Now, why specifically MX Brown? For starters, it has a tactile bump. Around halfway when pressing down the key, it reaches the actuation point, which provides you with feedback that you can feel. With practice and a good sense of touch, you’ll be able to type much quicker than before, because you won’t need to press each key all the way down. On the other end of the spectrum, there’s the MX Red and MX Black. These switches are linear, so no bump included. That doesn’t mean they’re not acceptable for typing, though. To each his own, you know? Then comes MX Blue. These switches are like MX Browns in that they have a tactile bump, but in addition, they also have a tactile click. Honestly, these were the most fun I could have with typing on a keyboard, but the novelty wore out quickly. (If you want to read more about keyboards and why it seems like I dislike MX Blues, check out this article.) Aside from all that, mechanical switches are rated to last up to 50-million clicks. I thought that was ridiculous at first, but now that I’m nearing eight years with the same keyboard, I appreciate it a lot. If you want to talk about investing or buying something for life, this is it right here.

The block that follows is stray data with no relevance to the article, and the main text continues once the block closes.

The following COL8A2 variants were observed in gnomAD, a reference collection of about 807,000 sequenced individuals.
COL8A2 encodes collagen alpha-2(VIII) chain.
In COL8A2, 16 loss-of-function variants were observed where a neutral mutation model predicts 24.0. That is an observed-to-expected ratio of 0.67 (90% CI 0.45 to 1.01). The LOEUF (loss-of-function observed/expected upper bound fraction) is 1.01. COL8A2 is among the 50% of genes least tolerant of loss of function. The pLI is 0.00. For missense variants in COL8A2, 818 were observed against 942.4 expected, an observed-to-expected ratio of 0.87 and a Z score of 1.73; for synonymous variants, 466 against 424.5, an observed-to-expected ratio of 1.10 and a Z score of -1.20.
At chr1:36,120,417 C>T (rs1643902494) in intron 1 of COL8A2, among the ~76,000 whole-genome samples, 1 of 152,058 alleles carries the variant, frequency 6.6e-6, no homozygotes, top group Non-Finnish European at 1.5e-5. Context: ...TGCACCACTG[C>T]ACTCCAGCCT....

Das Keyboard Prime13 Backlit Mechanical Keyboard

Now, as we’re tying it all up, I want to mention that there have been a few times when other employees have stopped by my desk to ask me what keyboard I’m using. So, if you buy one, be ready for some extra attention, especially if you get one with all the extra bells and whistles. (OK… I did switch out my WASD keys with red keycaps, but moving on…) And a few months after, a coworker got one too, but with white LED lighting. (Not jealous, by the way, the lighting is distracting.) Then, what do you know? Even my manager got pulled into the mechanical keyboard craze and now uses one with MX Blues. (Pro Tip: Give your manager a keyboard with MX Blue switches so you know when he’s at his desk or not.) Jokes aside, a mechanical keyboard was a little treat to myself that I ended up loving more than I expected. If you haven’t tried one by now, consider giving it a chance. You might be missing out on something oddly satisfying.

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Ok. Mechanical keyboard = Good. How does someone working from home test one? I can't spend $100 to $200 on a keyboard just to find out it isn't for me. I can't order 5 different ones, test drive them, then return the rest. I've looked at my brothers "Ergonomic" keyboard (the one with that is 'bent' in the middle (see MISEKBBQ)) and wondered how long it would take to get used to it. But, then if I did I would need one at home and one at work... I could go to my local store.. but that won't be real world... That is why we rely on reviews like this one, and the ones I used to see in PC World. NOTE: I'm sitting here typing on my old Apple 105 (think G4).